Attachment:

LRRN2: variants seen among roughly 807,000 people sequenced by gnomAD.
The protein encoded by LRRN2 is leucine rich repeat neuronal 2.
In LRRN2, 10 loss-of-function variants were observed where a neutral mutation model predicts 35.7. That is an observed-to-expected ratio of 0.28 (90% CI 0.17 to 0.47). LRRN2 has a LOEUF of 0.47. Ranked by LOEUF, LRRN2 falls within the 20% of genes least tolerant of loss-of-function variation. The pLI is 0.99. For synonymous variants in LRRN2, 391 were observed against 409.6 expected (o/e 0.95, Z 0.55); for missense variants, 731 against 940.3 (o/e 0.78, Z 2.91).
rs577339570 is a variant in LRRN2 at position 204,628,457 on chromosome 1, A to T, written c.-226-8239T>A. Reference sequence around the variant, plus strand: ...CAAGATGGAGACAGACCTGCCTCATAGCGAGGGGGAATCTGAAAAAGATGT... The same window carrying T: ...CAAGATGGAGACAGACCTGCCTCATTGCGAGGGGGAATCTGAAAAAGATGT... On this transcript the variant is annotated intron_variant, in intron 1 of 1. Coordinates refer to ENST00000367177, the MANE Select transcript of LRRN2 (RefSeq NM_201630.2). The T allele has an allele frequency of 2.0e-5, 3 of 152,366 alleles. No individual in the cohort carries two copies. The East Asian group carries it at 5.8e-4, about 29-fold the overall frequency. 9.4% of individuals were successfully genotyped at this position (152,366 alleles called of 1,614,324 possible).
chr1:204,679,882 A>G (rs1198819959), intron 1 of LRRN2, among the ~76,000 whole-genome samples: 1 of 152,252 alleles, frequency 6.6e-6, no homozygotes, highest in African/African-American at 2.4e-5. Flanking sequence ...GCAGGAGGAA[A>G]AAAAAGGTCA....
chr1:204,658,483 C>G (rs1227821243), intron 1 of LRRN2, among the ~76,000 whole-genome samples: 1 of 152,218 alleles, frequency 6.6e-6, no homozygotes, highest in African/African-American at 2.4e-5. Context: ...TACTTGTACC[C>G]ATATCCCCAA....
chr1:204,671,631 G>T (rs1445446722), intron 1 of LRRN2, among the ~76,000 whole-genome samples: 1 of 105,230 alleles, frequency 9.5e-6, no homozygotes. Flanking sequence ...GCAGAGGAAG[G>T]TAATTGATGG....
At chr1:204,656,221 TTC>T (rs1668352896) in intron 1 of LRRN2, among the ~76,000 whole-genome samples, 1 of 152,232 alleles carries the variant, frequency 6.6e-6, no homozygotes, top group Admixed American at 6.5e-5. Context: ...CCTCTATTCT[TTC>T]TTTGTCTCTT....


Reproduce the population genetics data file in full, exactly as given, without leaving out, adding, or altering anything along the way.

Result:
LRRN2: variants seen among roughly 807,000 people sequenced by gnomAD.
The protein encoded by LRRN2 is leucine rich repeat neuronal 2.
In LRRN2, 10 loss-of-function variants were observed where a neutral mutation model predicts 35.7. That is an observed-to-expected ratio of 0.28 (90% CI 0.17 to 0.47). LRRN2 has a LOEUF of 0.47. Ranked by LOEUF, LRRN2 falls within the 20% of genes least tolerant of loss-of-function variation. The pLI is 0.99. For synonymous variants in LRRN2, 391 were observed against 409.6 expected (o/e 0.95, Z 0.55); for missense variants, 731 against 940.3 (o/e 0.78, Z 2.91).
rs577339570 is a variant in LRRN2 at position 204,628,457 on chromosome 1, A to T, written c.-226-8239T>A. Reference sequence around the variant, plus strand: ...CAAGATGGAGACAGACCTGCCTCATAGCGAGGGGGAATCTGAAAAAGATGT... The same window carrying T: ...CAAGATGGAGACAGACCTGCCTCATTGCGAGGGGGAATCTGAAAAAGATGT... On this transcript the variant is annotated intron_variant, in intron 1 of 1. Coordinates refer to ENST00000367177, the MANE Select transcript of LRRN2 (RefSeq NM_201630.2). The T allele has an allele frequency of 2.0e-5, 3 of 152,366 alleles. No individual in the cohort carries two copies. The East Asian group carries it at 5.8e-4, about 29-fold the overall frequency. 9.4% of individuals were successfully genotyped at this position (152,366 alleles called of 1,614,324 possible).
chr1:204,679,882 A>G (rs1198819959), intron 1 of LRRN2, among the ~76,000 whole-genome samples: 1 of 152,252 alleles, frequency 6.6e-6, no homozygotes, highest in African/African-American at 2.4e-5. Flanking sequence ...GCAGGAGGAA[A>G]AAAAAGGTCA....
chr1:204,658,483 C>G (rs1227821243), intron 1 of LRRN2, among the ~76,000 whole-genome samples: 1 of 152,218 alleles, frequency 6.6e-6, no homozygotes, highest in African/African-American at 2.4e-5. Context: ...TACTTGTACC[C>G]ATATCCCCAA....
chr1:204,671,631 G>T (rs1445446722), intron 1 of LRRN2, among the ~76,000 whole-genome samples: 1 of 105,230 alleles, frequency 9.5e-6, no homozygotes. Flanking sequence ...GCAGAGGAAG[G>T]TAATTGATGG....
At chr1:204,656,221 TTC>T (rs1668352896) in intron 1 of LRRN2, among the ~76,000 whole-genome samples, 1 of 152,232 alleles carries the variant, frequency 6.6e-6, no homozygotes, top group Admixed American at 6.5e-5. Context: ...CCTCTATTCT[TTC>T]TTTGTCTCTT....